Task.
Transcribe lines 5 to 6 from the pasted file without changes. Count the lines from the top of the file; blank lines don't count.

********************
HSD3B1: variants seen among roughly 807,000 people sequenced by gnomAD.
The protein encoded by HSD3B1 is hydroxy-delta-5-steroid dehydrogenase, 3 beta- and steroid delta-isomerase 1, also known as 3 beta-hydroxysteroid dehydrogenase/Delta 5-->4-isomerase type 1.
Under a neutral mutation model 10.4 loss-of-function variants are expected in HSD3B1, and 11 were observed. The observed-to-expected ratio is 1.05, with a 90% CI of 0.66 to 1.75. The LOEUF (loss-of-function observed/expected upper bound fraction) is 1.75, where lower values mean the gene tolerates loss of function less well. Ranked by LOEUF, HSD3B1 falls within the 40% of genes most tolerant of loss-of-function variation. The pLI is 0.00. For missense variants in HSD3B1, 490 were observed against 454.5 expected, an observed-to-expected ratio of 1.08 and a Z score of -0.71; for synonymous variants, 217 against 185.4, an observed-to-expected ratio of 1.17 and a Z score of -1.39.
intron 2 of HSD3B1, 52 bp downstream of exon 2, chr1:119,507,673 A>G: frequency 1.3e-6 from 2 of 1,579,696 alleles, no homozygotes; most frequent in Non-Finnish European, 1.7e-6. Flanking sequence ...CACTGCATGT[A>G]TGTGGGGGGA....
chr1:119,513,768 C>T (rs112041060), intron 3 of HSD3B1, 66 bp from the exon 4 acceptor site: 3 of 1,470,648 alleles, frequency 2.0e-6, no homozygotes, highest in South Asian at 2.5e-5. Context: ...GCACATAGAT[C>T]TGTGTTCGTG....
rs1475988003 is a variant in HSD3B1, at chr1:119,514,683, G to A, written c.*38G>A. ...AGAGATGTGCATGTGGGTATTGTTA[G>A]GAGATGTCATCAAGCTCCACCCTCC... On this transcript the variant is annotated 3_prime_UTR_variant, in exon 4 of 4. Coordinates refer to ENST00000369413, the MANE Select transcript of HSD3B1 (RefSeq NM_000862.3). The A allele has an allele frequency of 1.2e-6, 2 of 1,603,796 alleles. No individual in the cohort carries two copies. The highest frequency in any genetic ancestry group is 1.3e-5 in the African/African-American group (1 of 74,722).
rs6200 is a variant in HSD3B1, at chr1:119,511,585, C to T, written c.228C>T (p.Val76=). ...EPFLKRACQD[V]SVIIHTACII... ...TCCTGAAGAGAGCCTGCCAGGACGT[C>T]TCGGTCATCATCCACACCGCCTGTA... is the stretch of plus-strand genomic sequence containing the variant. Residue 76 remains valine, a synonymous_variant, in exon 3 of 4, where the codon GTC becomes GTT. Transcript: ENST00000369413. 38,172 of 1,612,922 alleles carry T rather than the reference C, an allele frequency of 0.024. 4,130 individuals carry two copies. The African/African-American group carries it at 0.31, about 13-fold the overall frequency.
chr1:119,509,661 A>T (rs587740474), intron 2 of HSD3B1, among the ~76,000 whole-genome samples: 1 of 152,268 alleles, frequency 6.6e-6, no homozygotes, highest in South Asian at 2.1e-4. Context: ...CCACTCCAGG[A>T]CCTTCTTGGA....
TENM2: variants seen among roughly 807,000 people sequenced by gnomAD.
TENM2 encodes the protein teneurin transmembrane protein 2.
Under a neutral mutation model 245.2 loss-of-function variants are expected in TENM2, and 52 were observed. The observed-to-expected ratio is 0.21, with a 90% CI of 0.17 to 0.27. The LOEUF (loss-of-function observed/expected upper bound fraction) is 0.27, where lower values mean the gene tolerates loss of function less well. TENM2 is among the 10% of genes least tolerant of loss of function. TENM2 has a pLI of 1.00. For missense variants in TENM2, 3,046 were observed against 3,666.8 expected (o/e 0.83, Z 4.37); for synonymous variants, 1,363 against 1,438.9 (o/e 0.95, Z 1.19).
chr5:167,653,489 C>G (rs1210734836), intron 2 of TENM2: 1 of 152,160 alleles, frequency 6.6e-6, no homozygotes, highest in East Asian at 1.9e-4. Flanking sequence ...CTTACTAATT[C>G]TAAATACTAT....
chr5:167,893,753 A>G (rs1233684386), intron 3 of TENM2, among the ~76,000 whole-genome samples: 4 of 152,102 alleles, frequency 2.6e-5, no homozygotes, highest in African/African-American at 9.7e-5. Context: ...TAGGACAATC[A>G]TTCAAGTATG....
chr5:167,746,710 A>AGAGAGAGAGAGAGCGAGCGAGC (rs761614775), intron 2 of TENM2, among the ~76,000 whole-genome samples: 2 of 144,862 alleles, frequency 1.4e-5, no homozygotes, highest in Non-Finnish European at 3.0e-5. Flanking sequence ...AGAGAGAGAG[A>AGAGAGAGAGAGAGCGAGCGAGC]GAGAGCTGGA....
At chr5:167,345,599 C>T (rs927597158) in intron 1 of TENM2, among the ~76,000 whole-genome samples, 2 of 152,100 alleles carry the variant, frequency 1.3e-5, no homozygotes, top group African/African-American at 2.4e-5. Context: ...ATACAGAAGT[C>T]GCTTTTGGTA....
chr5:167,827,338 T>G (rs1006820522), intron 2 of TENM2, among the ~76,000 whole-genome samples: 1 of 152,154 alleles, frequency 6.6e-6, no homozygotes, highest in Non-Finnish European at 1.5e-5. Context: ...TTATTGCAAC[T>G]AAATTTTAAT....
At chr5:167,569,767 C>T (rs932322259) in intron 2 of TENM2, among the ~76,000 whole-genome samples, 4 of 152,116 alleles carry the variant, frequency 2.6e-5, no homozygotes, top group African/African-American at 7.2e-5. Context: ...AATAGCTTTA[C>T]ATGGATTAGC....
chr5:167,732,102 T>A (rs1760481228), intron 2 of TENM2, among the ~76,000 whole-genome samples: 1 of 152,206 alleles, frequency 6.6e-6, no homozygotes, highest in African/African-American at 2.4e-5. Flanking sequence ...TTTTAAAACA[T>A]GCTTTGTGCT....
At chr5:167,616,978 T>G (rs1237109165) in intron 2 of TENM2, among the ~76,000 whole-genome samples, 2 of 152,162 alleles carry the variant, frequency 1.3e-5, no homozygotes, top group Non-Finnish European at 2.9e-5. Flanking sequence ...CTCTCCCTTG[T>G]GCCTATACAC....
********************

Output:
chr1:119,513,768 C>T (rs112041060), intron 3 of HSD3B1, 66 bp from the exon 4 acceptor site: 3 of 1,470,648 alleles, frequency 2.0e-6, no homozygotes, highest in South Asian at 2.5e-5. Context: ...GCACATAGAT[C>T]TGTGTTCGTG....
rs1475988003 is a variant in HSD3B1, at chr1:119,514,683, G to A, written c.*38G>A. ...AGAGATGTGCATGTGGGTATTGTTA[G>A]GAGATGTCATCAAGCTCCACCCTCC... On this transcript the variant is annotated 3_prime_UTR_variant, in exon 4 of 4. Coordinates refer to ENST00000369413, the MANE Select transcript of HSD3B1 (RefSeq NM_000862.3). The A allele has an allele frequency of 1.2e-6, 2 of 1,603,796 alleles. No individual in the cohort carries two copies. The highest frequency in any genetic ancestry group is 1.3e-5 in the African/African-American group (1 of 74,722).